Continuing the discussion from CAPTCHA - Randomness applicability:

When I first discovered Information Theory many years ago I was amazed. The fact of being able to quantify the amount of information in a sequence of bits just looked awesome. So I would try to explain this as simpler as I can. There will be a bit of Math, but despite of those logarithms all around the place, the idea behind is pretty simple and elegant.

The Entropy is a magnitude that measures the unpredictability of the information contained by a set of possible values. The idea is that, if we can predict the information in the message, then we can *reconstruct* the message, and, if we can predict what comes next in a message, we can do some interesting stuff: compress data or having a chance to find out the next number in a sequence.

The Entropy measures, in a sense, our chances to predict the next symbol in a message.

# Amount of Information

Soâ€¦ How can we measure the amount of information contained in a message?. Letâ€™s figure this out using one classic example:

Suppose we have the following two symbols:

- It is not raining at Atacama Desert
- It is raining at Atacama Desert

So, which one of those symbols gives you more information?. In case you do not know, the Atacama desert at South America is one of the driest places in the work. It does not rain very often there.

Yes, you are completely right. If somebody tells you that it is raining at Atacama desert it is giving you a lot of informationâ€¦ becauseâ€¦ the probability of raining at that place is very, very low. If somebody says that it is not raining at the Atacama desert, you are not getting much information, because that is happening all the time.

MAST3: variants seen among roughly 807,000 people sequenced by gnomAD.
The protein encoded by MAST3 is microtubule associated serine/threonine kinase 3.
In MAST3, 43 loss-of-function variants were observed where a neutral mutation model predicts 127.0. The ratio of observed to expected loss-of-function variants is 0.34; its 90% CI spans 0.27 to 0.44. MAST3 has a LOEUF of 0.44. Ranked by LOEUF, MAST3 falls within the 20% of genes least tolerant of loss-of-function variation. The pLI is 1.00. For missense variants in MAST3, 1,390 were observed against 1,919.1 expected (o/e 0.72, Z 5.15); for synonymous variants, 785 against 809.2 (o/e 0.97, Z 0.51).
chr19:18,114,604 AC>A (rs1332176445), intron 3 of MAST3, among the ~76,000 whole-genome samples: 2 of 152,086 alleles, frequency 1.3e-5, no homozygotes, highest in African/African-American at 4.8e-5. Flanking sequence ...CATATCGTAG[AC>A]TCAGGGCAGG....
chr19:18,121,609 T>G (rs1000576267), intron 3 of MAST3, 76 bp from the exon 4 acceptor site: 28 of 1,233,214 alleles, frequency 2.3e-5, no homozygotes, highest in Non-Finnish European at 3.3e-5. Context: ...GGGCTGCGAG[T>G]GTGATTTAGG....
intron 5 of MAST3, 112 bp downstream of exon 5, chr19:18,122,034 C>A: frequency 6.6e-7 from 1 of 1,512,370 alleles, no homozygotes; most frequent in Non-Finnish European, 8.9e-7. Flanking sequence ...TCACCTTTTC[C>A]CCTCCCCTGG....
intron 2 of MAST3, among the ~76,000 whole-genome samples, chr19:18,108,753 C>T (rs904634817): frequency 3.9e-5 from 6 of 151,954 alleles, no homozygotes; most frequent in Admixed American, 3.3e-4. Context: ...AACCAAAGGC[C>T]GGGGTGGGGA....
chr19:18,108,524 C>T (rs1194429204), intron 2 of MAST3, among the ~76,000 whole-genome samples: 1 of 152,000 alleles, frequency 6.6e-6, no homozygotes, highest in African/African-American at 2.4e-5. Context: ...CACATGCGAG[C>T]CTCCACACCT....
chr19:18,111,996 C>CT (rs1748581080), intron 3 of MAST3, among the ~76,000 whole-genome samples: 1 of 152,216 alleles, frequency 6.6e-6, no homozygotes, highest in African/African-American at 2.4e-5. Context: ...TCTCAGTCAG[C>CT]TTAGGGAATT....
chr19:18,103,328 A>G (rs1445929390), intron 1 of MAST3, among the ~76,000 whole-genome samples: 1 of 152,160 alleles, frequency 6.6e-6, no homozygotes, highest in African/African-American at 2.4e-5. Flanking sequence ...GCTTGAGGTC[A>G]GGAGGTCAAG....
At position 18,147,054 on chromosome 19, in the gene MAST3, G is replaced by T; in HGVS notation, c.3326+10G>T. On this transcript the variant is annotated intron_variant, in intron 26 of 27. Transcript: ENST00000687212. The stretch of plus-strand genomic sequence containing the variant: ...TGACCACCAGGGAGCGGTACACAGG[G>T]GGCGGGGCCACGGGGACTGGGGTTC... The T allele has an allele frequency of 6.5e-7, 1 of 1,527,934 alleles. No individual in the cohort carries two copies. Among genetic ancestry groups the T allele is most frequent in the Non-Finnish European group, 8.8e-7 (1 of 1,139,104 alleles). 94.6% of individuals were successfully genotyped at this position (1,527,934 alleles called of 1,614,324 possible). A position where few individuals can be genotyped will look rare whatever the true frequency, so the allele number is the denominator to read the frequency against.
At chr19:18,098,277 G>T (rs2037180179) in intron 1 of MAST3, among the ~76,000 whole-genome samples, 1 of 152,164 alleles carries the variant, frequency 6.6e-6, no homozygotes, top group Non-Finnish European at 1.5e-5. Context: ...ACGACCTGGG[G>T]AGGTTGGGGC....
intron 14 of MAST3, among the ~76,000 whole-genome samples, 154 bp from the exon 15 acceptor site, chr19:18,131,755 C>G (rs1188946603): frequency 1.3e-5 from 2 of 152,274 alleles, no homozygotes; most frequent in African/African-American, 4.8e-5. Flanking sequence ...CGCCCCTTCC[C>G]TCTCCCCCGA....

Therefore, the amount of information of a given symbol/message is inversely proportional to the probability of occurrence of that symbol/message. The lower the probability, the higher the information we are received.

# Entropy

Back to the original definition, the entropy should give us a number that will provide a measurement of the predictability/unpredictability of the messages we may compose with a given set of symbols.

The expression to calculate the Entropy for a given set of symbols is:

H = SUM {p

_{i}* log (1 / p_{i})} = - SUM {(p_{i}) * log (p_{i})}

*You know 1/x = x ^{ -1} and exponents get out of the log multiplying*

where p_{i} is the probability of the i-th symbol in our set.

Note

In case you do not know, the function log

_{ b }(x) = y such as b^{ y }= x

For instance: log_{ 2}(8) = 3 because 2^{ 3 }= 8 log_{ 10 }(1000) = 4 because 10^{ 4 }=1000

So, what we have is a weighted average (we are multiplying each value in the average by its probability) of the logarithm of the inverse of the probability.